Staples, Milsap, Booker T. lead Memphis music hall class

March 23, 2022 GMT
Booker T. Jones performs during Marty Stuart's 16th Annual Late Night Jam in Nashville, Tenn., on June 7, 2017 , left, Ronnie Milsap appears at The Ryman Auditorium in Nashville, Tenn. on Jan. 16, 2019, center, and Mavis Staples performs at the sixth annual Love Rocks NYC benefit concert for God's Love We Deliver on March 10, 2022. Jones, Milsap and Staples are among a group of musicians named to this year’s class of the Memphis Music Hall of Fame. (AP Photo)
Booker T. Jones performs during Marty Stuart's 16th Annual Late Night Jam in Nashville, Tenn., on June 7, 2017 , left, Ronnie Milsap appears at The Ryman Auditorium in Nashville, Tenn. on Jan. 16, 2019, center, and Mavis Staples performs at the sixth annual Love Rocks NYC benefit concert for God's Love We Deliver on March 10, 2022. Jones, Milsap and Staples are among a group of musicians named to this year’s class of the Memphis Music Hall of Fame. (AP Photo)

MEMPHIS, Tenn. (AP) — Singers Mavis Staples and Ronnie Milsap and keyboardist Booker T. Jones lead a versatile group of musicians named to this year’s class of the Memphis Music Hall of Fame.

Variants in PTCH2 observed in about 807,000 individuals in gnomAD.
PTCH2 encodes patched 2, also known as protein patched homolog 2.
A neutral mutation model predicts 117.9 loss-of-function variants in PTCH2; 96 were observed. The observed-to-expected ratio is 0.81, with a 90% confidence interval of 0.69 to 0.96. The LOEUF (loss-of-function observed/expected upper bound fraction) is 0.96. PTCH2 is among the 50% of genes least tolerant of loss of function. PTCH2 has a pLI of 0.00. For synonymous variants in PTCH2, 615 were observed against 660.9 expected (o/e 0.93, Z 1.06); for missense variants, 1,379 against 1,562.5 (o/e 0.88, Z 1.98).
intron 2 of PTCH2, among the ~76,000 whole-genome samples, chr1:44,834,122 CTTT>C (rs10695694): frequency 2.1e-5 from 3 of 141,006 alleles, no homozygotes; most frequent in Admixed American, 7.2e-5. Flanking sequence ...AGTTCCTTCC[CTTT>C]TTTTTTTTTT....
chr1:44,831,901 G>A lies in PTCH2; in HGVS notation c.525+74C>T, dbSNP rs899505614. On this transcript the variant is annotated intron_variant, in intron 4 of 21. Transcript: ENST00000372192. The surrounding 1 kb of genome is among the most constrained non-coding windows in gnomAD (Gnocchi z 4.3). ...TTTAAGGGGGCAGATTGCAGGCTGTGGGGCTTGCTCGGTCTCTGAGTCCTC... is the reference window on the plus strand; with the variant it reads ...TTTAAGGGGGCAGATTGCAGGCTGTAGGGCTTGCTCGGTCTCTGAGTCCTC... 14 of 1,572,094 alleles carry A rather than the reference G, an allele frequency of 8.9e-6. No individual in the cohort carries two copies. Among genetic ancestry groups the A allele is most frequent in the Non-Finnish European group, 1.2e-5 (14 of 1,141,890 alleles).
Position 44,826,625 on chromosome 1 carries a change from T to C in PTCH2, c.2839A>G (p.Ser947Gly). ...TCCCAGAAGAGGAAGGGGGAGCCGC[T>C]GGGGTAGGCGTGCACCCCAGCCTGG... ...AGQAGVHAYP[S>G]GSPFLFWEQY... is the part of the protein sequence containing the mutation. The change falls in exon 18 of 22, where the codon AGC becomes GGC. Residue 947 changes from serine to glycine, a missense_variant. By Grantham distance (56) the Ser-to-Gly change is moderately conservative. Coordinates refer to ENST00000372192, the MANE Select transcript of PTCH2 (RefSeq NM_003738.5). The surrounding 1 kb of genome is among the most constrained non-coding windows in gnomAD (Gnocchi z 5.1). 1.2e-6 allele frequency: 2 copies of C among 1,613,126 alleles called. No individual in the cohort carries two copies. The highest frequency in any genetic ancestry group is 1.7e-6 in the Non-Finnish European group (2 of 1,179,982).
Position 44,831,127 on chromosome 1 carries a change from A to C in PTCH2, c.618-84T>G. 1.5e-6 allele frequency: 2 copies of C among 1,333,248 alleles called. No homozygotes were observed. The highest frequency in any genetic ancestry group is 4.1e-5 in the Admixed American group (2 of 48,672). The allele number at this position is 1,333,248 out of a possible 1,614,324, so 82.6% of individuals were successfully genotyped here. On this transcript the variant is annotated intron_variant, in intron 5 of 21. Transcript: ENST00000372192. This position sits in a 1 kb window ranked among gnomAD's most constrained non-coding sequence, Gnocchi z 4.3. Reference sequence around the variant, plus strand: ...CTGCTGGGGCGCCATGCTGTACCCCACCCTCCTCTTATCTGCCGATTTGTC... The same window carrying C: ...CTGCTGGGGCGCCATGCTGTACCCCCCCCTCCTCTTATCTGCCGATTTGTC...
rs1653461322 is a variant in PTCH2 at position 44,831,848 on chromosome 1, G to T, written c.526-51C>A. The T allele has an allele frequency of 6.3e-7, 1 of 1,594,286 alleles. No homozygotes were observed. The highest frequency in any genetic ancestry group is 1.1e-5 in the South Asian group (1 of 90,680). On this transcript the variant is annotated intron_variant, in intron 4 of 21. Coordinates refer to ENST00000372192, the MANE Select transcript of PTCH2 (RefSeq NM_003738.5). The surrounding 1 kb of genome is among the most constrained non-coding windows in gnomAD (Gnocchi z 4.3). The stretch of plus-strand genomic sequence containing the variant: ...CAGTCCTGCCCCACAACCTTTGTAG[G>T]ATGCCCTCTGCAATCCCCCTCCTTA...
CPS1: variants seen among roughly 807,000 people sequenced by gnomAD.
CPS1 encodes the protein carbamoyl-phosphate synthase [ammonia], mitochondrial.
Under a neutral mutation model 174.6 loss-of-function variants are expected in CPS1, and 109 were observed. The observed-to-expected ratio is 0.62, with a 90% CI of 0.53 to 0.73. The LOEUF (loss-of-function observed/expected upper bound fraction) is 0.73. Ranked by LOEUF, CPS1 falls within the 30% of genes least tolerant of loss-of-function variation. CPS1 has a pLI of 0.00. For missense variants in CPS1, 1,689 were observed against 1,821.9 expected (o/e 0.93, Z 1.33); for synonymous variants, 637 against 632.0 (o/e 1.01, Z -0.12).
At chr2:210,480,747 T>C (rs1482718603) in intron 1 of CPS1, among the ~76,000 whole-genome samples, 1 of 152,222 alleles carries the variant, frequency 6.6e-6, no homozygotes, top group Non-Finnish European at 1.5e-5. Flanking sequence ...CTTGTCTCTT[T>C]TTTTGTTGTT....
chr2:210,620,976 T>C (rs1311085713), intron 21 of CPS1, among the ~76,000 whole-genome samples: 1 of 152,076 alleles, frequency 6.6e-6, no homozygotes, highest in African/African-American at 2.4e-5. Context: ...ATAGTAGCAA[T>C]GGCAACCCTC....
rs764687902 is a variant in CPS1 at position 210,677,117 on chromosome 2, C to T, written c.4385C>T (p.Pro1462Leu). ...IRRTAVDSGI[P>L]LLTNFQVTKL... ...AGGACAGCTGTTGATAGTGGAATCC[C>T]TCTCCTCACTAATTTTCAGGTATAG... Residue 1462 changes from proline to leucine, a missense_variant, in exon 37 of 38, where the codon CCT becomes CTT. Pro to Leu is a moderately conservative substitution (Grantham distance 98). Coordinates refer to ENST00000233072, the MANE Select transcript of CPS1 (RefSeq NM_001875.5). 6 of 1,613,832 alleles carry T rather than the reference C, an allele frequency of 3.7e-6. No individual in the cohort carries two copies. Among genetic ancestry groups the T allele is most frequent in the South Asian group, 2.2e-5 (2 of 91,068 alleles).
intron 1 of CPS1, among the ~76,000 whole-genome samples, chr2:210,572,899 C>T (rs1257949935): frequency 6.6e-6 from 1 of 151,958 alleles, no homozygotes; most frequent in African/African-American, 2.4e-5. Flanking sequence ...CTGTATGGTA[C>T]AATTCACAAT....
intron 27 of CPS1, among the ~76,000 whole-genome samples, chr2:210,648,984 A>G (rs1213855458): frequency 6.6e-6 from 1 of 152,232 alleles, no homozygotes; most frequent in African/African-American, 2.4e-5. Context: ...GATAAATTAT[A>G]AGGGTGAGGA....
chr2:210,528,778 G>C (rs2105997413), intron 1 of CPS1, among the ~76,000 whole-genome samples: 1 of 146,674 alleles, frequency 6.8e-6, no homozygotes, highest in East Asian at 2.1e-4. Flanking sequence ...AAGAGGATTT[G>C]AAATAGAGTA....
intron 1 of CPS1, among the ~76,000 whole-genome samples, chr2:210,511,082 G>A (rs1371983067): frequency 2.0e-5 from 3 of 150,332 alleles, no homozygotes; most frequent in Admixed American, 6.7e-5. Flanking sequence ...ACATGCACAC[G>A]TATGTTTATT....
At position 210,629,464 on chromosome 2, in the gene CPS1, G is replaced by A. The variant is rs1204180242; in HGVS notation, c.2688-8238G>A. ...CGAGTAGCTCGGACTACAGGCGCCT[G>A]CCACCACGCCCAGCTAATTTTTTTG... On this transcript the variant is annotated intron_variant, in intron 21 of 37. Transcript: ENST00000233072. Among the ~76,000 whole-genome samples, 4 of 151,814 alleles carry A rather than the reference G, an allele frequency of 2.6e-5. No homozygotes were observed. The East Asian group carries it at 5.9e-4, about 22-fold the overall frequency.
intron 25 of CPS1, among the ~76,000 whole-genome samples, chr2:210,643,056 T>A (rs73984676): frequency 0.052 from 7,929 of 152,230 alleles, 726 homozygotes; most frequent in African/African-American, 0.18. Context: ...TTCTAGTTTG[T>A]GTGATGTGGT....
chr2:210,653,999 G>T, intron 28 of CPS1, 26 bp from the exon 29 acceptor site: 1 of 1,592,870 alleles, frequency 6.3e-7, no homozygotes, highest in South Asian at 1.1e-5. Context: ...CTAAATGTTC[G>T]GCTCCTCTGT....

The hall said it announced its newest members during a ceremony Tuesday. Established in 2012, the hall includes members of the music world with ties to Memphis, including B.B. King, Otis Redding, Carla Thomas, Tina Turner, Three 6 Mafia and Elvis Presley.

Staples was part of The Staples Singers at Stax Records in Memphis with hits like “I’ll Take You There,” and she later embarked on a successful solo career. Milsap was a keyboard session musician in Memphis before becoming a country music star.

Before going solo, Booker T. Jones was the front man for the influential, bi-racial group Booker T. and the MGs, which also served as the house band for Stax and had several instrumental hits, including “Green Onions.”

ADVERTISEMENT

Presley’s former wife, Priscilla Presley, also was named to the hall for her work at Graceland. So were Fred Ford, a blues and jazz artist and composer; J.M. Van Eaton, drummer for Jerry Lee Lewis and others; Jim Gaines, producer and engineer for Miles Davis, Carlos Santana and others; and rockabilly musician Billy Lee Riley.

The hall is administered by the Memphis Rock ‘n’ Soul Museum, which was developed by the Smithsonian Institution.